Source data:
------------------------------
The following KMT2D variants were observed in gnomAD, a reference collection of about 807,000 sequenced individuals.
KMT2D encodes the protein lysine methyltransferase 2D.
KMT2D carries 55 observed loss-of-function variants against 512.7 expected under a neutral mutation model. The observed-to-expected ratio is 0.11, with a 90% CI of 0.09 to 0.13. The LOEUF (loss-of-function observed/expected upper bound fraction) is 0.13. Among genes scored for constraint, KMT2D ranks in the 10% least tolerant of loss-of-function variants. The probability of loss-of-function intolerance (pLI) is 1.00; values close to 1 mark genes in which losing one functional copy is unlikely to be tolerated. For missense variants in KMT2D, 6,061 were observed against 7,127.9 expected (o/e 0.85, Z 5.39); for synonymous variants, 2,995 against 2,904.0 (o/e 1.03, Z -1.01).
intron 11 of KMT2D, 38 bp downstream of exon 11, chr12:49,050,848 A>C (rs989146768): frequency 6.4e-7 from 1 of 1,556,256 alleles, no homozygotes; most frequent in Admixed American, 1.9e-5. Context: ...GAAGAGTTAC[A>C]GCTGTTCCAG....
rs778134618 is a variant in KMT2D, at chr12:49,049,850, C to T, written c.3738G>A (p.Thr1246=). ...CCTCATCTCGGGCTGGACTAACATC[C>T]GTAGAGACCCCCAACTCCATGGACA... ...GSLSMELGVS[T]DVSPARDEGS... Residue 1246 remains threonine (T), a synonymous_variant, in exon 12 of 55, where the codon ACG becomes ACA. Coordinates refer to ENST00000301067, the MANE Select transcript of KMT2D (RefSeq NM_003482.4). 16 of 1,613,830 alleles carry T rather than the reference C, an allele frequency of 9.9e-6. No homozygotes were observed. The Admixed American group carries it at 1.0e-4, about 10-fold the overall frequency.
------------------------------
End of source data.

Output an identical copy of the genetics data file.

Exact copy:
The following KMT2D variants were observed in gnomAD, a reference collection of about 807,000 sequenced individuals.
KMT2D encodes the protein lysine methyltransferase 2D.
KMT2D carries 55 observed loss-of-function variants against 512.7 expected under a neutral mutation model. The observed-to-expected ratio is 0.11, with a 90% CI of 0.09 to 0.13. The LOEUF (loss-of-function observed/expected upper bound fraction) is 0.13. Among genes scored for constraint, KMT2D ranks in the 10% least tolerant of loss-of-function variants. The probability of loss-of-function intolerance (pLI) is 1.00; values close to 1 mark genes in which losing one functional copy is unlikely to be tolerated. For missense variants in KMT2D, 6,061 were observed against 7,127.9 expected (o/e 0.85, Z 5.39); for synonymous variants, 2,995 against 2,904.0 (o/e 1.03, Z -1.01).
intron 11 of KMT2D, 38 bp downstream of exon 11, chr12:49,050,848 A>C (rs989146768): frequency 6.4e-7 from 1 of 1,556,256 alleles, no homozygotes; most frequent in Admixed American, 1.9e-5. Context: ...GAAGAGTTAC[A>C]GCTGTTCCAG....
rs778134618 is a variant in KMT2D, at chr12:49,049,850, C to T, written c.3738G>A (p.Thr1246=). ...CCTCATCTCGGGCTGGACTAACATC[C>T]GTAGAGACCCCCAACTCCATGGACA... ...GSLSMELGVS[T]DVSPARDEGS... Residue 1246 remains threonine (T), a synonymous_variant, in exon 12 of 55, where the codon ACG becomes ACA. Coordinates refer to ENST00000301067, the MANE Select transcript of KMT2D (RefSeq NM_003482.4). 16 of 1,613,830 alleles carry T rather than the reference C, an allele frequency of 9.9e-6. No homozygotes were observed. The Admixed American group carries it at 1.0e-4, about 10-fold the overall frequency.